Richard Dawkins In 2008, a Gallup poll showed that 44 percent of Americans believed God had created man in his present form within the last 10,000 years. In a Pew Forum poll in the same year, 42 percent believed that all life on earth has existed in its present form since the beginning of time. In 1859 Charles Darwin's masterpiece, On the Origin of Species, shook society to its core. Darwin was only too aware of the storm his theory of evolution would provoke. But he surely would have raised an incredulous eyebrow at the controversy still raging a century and a half later.
Evolution is accepted as scientific fact by all reputable scientists and indeed theologians, yet millions of people continue to question its veracity. Now the author of the iconic work The God Delusion takes them to task.
The Greatest Show on Earth is a stunning counterattack on advocates of "Intelligent Design", explaining the evidence for evolution while exposing the absurdities of the creationist "argument". Dawkins sifts through rich layers of scientific evidence: from living examples of natural selection to clues in the fossil record; from plate tectonics to molecular genetics. Combining these elements and many more, he makes the airtight case that "we find ourselves perched on one tiny twig in the midst of a blossoming and flourishing tree of life and it is no accident, but the direct consequence of evolution by non-random selection."
The Greatest Show on Earth comes at a critical time: systematic opposition to the fact of evolution is menacing as never before. In American schools, and in schools around the world, insidious attempts are made to undermine the status of science in the classroom. Dawkins wields a devastating argument against this ignorance, but his unjaded passion for the natural world turns what might have been a negative argument into a positive offering to the reader: nothing less than a master's vision of life, in all its splendor.
Richard Dawkins Discover magazine recently called Richard Dawkins "Darwin's Rottweiler" for his fierce and effective defense of evolution. Prospect magazine voted him among the top three public intellectuals in the world (along with Umberto Eco and Noam Chomsky). Now Dawkins turns his considerable intellect on religion, denouncing its faulty logic and the suffering it causes. He critiques God in all his forms, from the sex-obsessed tyrant of the Old Testament to the more benign (but still illogical) Celestial Watchmaker favored by some Enlightenment thinkers. He eviscerates the major arguments for religion and demonstrates the supreme improbability of a supreme being. He shows how religion fuels war, foments bigotry, and abuses children, buttressing his points with historical and contemporary evidence. In so doing, he makes a compelling case that belief in God is not just irrational, but potentially deadly.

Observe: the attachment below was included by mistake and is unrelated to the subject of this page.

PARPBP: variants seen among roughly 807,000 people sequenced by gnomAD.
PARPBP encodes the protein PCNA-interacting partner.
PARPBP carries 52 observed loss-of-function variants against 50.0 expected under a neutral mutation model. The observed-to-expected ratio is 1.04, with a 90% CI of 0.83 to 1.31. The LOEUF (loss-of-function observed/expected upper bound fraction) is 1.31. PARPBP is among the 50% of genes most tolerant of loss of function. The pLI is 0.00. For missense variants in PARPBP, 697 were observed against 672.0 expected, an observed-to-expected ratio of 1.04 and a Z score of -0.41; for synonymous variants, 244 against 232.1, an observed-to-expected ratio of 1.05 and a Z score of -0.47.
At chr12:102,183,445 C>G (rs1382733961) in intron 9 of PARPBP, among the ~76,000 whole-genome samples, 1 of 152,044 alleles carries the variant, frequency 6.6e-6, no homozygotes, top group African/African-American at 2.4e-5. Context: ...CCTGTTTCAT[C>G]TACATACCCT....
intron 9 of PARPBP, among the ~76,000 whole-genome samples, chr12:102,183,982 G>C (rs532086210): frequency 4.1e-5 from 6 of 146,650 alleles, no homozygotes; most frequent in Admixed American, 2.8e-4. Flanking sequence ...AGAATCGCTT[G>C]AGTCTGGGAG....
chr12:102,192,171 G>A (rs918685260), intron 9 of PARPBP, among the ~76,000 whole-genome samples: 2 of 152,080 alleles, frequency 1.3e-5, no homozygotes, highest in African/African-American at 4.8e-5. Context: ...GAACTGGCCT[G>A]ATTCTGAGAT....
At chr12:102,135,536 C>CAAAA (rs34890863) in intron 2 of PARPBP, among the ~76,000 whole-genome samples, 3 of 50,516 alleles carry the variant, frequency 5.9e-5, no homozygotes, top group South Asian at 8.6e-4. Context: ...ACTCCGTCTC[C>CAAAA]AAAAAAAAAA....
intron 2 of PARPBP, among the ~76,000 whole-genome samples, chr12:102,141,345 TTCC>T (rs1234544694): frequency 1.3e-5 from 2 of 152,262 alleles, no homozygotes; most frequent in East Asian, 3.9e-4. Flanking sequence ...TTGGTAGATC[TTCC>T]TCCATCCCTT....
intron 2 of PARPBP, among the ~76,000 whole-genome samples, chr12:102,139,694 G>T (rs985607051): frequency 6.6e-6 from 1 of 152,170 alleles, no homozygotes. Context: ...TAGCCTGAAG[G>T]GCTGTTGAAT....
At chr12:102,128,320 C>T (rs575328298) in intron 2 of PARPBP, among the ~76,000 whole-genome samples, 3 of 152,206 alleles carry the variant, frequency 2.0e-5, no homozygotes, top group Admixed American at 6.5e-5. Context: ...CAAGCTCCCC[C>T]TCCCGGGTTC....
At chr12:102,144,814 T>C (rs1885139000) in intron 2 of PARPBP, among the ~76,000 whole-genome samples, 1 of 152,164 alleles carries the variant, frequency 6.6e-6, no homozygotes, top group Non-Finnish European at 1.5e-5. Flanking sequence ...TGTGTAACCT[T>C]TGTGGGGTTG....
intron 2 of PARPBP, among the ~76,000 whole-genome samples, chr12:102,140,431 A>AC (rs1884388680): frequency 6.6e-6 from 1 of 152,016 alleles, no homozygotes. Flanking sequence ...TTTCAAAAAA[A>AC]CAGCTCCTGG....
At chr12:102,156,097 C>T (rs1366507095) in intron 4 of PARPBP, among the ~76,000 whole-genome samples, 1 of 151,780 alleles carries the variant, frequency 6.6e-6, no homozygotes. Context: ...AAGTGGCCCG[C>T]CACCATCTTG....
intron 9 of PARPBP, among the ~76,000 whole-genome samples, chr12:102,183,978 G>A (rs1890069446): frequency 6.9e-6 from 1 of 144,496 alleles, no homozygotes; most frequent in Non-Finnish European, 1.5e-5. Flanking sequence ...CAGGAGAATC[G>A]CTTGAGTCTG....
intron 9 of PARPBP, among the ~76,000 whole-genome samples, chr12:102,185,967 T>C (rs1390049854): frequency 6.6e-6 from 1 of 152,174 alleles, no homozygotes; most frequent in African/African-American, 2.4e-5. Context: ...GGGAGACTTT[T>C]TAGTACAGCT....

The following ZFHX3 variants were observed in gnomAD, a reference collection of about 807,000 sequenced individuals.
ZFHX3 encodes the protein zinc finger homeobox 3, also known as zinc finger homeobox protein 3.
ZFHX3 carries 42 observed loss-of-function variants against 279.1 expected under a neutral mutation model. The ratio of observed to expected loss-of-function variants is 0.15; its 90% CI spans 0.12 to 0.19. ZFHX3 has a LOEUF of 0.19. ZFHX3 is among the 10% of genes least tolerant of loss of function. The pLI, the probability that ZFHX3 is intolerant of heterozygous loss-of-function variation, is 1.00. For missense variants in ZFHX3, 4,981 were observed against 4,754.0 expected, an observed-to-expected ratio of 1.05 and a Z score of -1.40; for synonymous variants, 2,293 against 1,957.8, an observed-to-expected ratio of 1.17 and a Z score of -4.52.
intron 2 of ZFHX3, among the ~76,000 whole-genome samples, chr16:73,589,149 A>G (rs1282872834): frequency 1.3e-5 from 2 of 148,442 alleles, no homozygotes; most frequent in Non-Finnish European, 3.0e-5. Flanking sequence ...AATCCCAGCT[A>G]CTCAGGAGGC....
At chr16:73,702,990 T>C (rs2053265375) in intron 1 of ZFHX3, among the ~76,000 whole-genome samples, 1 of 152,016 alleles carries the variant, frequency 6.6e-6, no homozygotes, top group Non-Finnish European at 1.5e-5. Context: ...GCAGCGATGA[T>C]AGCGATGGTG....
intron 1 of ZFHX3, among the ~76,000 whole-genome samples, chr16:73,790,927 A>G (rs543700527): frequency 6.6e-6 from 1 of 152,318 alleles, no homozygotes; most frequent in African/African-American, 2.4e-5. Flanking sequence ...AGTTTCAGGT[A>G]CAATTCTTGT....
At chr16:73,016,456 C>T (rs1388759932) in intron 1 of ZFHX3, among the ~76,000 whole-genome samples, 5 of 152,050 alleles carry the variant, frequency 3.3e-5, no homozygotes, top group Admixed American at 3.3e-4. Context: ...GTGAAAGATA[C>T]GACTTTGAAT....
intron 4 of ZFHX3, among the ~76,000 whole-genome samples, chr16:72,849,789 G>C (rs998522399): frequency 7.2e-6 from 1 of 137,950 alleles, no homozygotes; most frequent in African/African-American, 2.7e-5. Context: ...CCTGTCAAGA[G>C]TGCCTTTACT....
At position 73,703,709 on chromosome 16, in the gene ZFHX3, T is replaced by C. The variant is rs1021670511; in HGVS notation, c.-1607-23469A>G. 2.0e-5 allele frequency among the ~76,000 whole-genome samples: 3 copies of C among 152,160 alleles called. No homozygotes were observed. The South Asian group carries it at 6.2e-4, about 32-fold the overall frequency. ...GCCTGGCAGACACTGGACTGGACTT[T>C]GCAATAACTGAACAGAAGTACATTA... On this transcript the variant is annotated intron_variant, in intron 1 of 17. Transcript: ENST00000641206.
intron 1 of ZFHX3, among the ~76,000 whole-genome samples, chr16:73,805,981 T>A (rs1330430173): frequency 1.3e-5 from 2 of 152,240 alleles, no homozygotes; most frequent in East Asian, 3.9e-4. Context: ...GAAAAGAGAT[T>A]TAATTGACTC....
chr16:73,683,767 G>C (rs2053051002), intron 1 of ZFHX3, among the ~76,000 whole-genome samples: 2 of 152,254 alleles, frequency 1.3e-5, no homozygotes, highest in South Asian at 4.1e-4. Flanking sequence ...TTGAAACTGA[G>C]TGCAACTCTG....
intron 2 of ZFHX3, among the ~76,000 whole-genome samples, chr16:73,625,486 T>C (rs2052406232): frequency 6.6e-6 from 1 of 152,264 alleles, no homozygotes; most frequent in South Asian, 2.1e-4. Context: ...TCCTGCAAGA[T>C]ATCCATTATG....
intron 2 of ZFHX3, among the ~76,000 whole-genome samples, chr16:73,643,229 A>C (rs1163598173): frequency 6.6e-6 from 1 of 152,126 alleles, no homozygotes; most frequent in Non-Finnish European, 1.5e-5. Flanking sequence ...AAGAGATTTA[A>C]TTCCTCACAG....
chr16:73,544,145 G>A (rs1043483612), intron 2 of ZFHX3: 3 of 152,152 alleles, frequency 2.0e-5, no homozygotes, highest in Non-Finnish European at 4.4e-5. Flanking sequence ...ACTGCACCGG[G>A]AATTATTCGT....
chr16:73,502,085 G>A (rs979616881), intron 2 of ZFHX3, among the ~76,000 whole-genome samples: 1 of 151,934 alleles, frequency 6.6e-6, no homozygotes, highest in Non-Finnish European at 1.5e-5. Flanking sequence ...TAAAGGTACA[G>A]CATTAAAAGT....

Dawkins has fashioned an impassioned, rigorous rebuttal to religion, to be embraced by anyone who sputters at the inconsistencies and cruelties that riddle the Bible, bristles at the inanity of "intelligent design", or agonizes over fundamentalism in the Middle East or Middle America.
Richard Dawkins Richard Dawkins' brilliant reformulation of the theory of natural selection has the rare distinction of having provoked as much excitement and interest outside the scientific community as within it. His theories have helped change the whole nature of the study of social biology, and have forced thousands to rethink their beliefs about life.
In his internationally best-selling, now classic, volume, The Selfish Gene, Dawkins explains how the selfish gene can also be a subtle gene. The world of the selfish gene revolves around savage competition, ruthless exploitation, and deceit, and yet, Dawkins argues, acts of apparent altruism do exist in nature. Bees, for example, will commit suicide when they sting to protect the hive, and birds will risk their lives to warn the flock of an approaching hawk.
Richard Dawkins Richard Dawkins, the world’s most famous evolutionary biologist, presents a gorgeously lucid, science book examining some of the nature’s most fundamental questions both from a mythical and scientific perspective.